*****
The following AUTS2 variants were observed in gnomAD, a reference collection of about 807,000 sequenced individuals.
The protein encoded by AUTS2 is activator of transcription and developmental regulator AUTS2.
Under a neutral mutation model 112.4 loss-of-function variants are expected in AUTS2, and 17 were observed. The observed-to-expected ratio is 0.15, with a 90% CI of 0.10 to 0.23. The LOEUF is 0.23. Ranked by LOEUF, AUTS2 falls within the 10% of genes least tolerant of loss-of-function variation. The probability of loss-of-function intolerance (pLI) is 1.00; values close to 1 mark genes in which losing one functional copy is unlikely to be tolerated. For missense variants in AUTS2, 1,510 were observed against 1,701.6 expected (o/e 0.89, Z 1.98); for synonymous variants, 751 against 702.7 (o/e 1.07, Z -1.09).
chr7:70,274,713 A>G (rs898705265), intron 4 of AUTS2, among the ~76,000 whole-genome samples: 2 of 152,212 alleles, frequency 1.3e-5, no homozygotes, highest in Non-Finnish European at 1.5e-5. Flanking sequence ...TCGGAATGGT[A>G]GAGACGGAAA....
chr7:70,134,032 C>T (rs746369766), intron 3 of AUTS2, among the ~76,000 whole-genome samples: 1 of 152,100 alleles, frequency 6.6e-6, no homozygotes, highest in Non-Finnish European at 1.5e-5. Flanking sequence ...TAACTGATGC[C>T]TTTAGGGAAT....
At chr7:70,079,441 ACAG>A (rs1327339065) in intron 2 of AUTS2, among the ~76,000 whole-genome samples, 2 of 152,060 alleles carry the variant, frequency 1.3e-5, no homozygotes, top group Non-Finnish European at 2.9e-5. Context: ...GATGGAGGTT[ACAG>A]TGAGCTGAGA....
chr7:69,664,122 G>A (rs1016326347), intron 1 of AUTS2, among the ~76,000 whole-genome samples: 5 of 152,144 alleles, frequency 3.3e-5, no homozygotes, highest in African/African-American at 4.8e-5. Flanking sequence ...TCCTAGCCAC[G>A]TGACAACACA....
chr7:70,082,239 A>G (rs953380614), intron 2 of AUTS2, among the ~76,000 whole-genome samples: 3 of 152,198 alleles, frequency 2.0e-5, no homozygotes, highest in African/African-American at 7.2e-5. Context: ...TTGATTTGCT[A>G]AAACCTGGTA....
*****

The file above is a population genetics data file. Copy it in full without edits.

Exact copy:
The following AUTS2 variants were observed in gnomAD, a reference collection of about 807,000 sequenced individuals.
The protein encoded by AUTS2 is activator of transcription and developmental regulator AUTS2.
Under a neutral mutation model 112.4 loss-of-function variants are expected in AUTS2, and 17 were observed. The observed-to-expected ratio is 0.15, with a 90% CI of 0.10 to 0.23. The LOEUF is 0.23. Ranked by LOEUF, AUTS2 falls within the 10% of genes least tolerant of loss-of-function variation. The probability of loss-of-function intolerance (pLI) is 1.00; values close to 1 mark genes in which losing one functional copy is unlikely to be tolerated. For missense variants in AUTS2, 1,510 were observed against 1,701.6 expected (o/e 0.89, Z 1.98); for synonymous variants, 751 against 702.7 (o/e 1.07, Z -1.09).
chr7:70,274,713 A>G (rs898705265), intron 4 of AUTS2, among the ~76,000 whole-genome samples: 2 of 152,212 alleles, frequency 1.3e-5, no homozygotes, highest in Non-Finnish European at 1.5e-5. Flanking sequence ...TCGGAATGGT[A>G]GAGACGGAAA....
chr7:70,134,032 C>T (rs746369766), intron 3 of AUTS2, among the ~76,000 whole-genome samples: 1 of 152,100 alleles, frequency 6.6e-6, no homozygotes, highest in Non-Finnish European at 1.5e-5. Flanking sequence ...TAACTGATGC[C>T]TTTAGGGAAT....
At chr7:70,079,441 ACAG>A (rs1327339065) in intron 2 of AUTS2, among the ~76,000 whole-genome samples, 2 of 152,060 alleles carry the variant, frequency 1.3e-5, no homozygotes, top group Non-Finnish European at 2.9e-5. Context: ...GATGGAGGTT[ACAG>A]TGAGCTGAGA....
chr7:69,664,122 G>A (rs1016326347), intron 1 of AUTS2, among the ~76,000 whole-genome samples: 5 of 152,144 alleles, frequency 3.3e-5, no homozygotes, highest in African/African-American at 4.8e-5. Flanking sequence ...TCCTAGCCAC[G>A]TGACAACACA....
chr7:70,082,239 A>G (rs953380614), intron 2 of AUTS2, among the ~76,000 whole-genome samples: 3 of 152,198 alleles, frequency 2.0e-5, no homozygotes, highest in African/African-American at 7.2e-5. Context: ...TTGATTTGCT[A>G]AAACCTGGTA....